Create a Million Public-Service Jobs

This piece is part of the Prospect's series on progressives' strategy over the next 40 years. To read the introduction, click here.

Lewis Powell wanted executives selling tires or aspirin to take on an additional job: selling capitalism itself. Today, the disparate strands of the progressive movement must learn the same lesson, advocating not just for people but for the very idea of the people. Ours is the world’s greatest experiment in democracy: to create one, mutually supporting community of interest out of ancestral strangers—geographically distant, multi-origin, multi-ethnic, multiracial. Our inability to do that has been the Achilles’ heel of liberalism. It’s why we are not yet the 99 percent.

Americans will not rise to the liberal call that “we are all in it together”—and we never have—if we don’t believe that we are part of the same human family. This belief must be deep, at the level of our rhythmic response to music, of our emotional response to images. Unfortunately, it’s at exactly that level where our biases persist—and are going increasingly unchecked by a political discourse enthralled with the fallacy that we can be color-blind. 

Studies of unconscious bias reveal that despite disavowals of racism, people unconsciously link negative words to faces of those at the bottom of our social hierarchy—particularly darker-skinned people—and positive words to those at the top. This mistrust reveals itself in our economy, as white job-seekers with criminal records receive callbacks at higher rates than black candidates without them, and as brokers steer Latino families with prime credit scores into subprime loans nonetheless. But it also reveals itself in our politics; we lost the postwar social contract as soon as women and people of color could be signatories to it. Of course, the cruel irony is that white Americans have suffered tremendously under post-contract inequality. That’s what happens when we continue to choose hierarchy over solidarity; racial hierarchy built the scaffolding, but now erected, it traps millions of us in the lower rungs.

For liberals, the barrier that deep-seated anxiety about the Other presents to our progressive goals should by now be gospel. So now, what to do about it? We can’t assume that a no-majority-race 2050 America or more widespread economic pain will create social solidarity for us. As advocates, we must make forging a true American demos our overarching goal, as the Chamber of Commerce made promoting capitalism.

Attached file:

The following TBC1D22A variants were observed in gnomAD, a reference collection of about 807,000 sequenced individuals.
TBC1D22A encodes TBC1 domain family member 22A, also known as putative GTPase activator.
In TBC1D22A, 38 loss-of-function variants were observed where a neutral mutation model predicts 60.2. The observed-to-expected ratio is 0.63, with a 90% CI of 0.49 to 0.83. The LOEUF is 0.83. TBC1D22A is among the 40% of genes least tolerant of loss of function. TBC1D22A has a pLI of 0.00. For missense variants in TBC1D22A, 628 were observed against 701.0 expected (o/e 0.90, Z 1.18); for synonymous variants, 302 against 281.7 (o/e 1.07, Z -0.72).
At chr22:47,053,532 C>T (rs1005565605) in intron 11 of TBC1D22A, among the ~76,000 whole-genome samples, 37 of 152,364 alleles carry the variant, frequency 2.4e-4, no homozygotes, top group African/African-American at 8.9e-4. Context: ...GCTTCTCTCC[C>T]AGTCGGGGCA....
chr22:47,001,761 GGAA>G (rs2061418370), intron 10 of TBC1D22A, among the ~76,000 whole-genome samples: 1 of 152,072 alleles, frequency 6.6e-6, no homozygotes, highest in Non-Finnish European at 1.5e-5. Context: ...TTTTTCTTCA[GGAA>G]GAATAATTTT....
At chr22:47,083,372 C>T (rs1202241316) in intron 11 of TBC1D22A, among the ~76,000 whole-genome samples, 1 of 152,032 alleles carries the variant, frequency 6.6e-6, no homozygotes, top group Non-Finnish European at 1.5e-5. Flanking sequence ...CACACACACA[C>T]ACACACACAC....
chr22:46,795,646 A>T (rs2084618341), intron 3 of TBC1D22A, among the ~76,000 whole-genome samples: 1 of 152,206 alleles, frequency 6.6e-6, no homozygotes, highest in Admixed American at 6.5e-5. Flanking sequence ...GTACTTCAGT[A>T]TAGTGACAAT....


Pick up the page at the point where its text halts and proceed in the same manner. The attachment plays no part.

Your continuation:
How? First, unlock the people. Decriminalizing, economically integrating, and fully enfranchising undocumented immigrants and over-incarcerated communities of color is not just good liberal policy; it is essential liberal strategy. It will free some 20 million of us to become full, first-class citizens and, combined with universal registration, will swell our polity with progressive voters. 

What’s more, this liberation will go a long way to transforming the image of low-income, black and brown people in the American psyche, which must be a strategy in and of itself. Since entertainment is how 300 million people “learn” about each other, we will need a strategy to influence the way that Americans in the 99 percent are represented, minimizing stereotypes and maximizing our common humanity. 

Third, we can also give the diverse and intolerably jobless millennials a generation-shaping experience by creating millions of yearlong public-service jobs working side by side on physical and human infrastructure projects across America. Like the Peace Corps before it, this would shape communities but also shape hearts, creating solidarity within our borders. We must insist on diversity on campuses and commit to a 21st-century plan for racially and economically integrating our schools and neighborhoods. Lastly, creating social cohesion can be fun. In the 18th century, hundreds of festivals helped knit the young nation together, as they do today in most other cultures. Let’s create new ones. 

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